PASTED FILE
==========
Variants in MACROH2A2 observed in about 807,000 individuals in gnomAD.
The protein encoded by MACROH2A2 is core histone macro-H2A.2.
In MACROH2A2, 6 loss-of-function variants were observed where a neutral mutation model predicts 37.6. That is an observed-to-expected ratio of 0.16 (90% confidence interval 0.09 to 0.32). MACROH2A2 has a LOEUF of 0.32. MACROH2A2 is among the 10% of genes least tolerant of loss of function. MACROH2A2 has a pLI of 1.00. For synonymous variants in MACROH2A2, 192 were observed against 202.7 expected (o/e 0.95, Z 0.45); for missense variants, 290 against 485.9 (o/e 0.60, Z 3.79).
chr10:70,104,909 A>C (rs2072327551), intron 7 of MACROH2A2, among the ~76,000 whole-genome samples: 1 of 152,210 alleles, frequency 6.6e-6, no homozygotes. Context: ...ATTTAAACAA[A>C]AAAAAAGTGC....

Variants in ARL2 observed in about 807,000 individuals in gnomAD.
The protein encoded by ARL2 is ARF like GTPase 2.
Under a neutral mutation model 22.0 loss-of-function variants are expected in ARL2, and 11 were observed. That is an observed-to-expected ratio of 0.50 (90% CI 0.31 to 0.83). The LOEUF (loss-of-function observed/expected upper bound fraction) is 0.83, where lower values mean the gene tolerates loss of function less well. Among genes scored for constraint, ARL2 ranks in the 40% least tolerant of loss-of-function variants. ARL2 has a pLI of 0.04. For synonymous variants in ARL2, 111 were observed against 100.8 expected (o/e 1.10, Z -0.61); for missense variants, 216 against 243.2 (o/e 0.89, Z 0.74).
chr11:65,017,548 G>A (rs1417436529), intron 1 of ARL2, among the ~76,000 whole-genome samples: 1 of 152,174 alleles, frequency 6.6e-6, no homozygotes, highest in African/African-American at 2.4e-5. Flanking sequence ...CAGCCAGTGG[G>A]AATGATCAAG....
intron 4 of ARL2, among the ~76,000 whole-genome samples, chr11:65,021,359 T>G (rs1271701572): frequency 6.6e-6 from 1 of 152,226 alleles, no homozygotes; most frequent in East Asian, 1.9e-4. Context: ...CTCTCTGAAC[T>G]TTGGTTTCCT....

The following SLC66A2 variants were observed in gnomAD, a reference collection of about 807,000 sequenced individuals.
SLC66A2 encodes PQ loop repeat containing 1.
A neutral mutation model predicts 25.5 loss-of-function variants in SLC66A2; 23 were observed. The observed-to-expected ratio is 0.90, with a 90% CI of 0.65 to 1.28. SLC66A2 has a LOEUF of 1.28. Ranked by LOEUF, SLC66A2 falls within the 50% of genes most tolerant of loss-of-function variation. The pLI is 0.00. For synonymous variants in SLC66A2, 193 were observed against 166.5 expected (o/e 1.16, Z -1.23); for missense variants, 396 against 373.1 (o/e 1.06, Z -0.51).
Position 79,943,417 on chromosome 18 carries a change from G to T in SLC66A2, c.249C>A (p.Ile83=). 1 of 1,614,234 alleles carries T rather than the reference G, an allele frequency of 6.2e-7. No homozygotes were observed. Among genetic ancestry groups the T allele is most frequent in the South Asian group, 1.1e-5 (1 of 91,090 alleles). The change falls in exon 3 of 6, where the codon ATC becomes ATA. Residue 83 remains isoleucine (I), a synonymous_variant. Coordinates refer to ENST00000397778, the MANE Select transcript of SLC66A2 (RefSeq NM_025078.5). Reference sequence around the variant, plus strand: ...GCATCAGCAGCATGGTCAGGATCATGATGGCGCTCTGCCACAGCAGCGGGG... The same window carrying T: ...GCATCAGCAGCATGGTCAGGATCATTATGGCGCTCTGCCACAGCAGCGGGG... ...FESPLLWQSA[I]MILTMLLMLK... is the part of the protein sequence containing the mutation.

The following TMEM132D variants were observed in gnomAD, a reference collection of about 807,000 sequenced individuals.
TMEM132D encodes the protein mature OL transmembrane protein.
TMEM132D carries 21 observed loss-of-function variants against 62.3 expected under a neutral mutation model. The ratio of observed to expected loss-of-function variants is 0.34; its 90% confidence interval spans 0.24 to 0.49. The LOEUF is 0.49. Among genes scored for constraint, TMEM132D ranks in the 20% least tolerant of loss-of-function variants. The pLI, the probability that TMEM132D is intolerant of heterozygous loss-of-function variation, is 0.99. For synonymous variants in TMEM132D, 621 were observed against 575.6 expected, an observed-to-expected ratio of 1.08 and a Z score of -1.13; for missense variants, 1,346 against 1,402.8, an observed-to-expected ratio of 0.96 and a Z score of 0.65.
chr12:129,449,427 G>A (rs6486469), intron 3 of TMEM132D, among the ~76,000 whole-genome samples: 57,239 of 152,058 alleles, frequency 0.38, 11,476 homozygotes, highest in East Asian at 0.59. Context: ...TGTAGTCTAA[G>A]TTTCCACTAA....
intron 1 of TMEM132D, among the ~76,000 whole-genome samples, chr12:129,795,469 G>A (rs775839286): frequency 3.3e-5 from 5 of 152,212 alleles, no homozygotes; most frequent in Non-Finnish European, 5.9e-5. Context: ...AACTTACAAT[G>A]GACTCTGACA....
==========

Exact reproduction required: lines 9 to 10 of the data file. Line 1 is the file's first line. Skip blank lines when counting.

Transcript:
intron 4 of ARL2, among the ~76,000 whole-genome samples, chr11:65,021,359 T>G (rs1271701572): frequency 6.6e-6 from 1 of 152,226 alleles, no homozygotes; most frequent in East Asian, 1.9e-4. Context: ...CTCTCTGAAC[T>G]TTGGTTTCCT....

The following SLC66A2 variants were observed in gnomAD, a reference collection of about 807,000 sequenced individuals.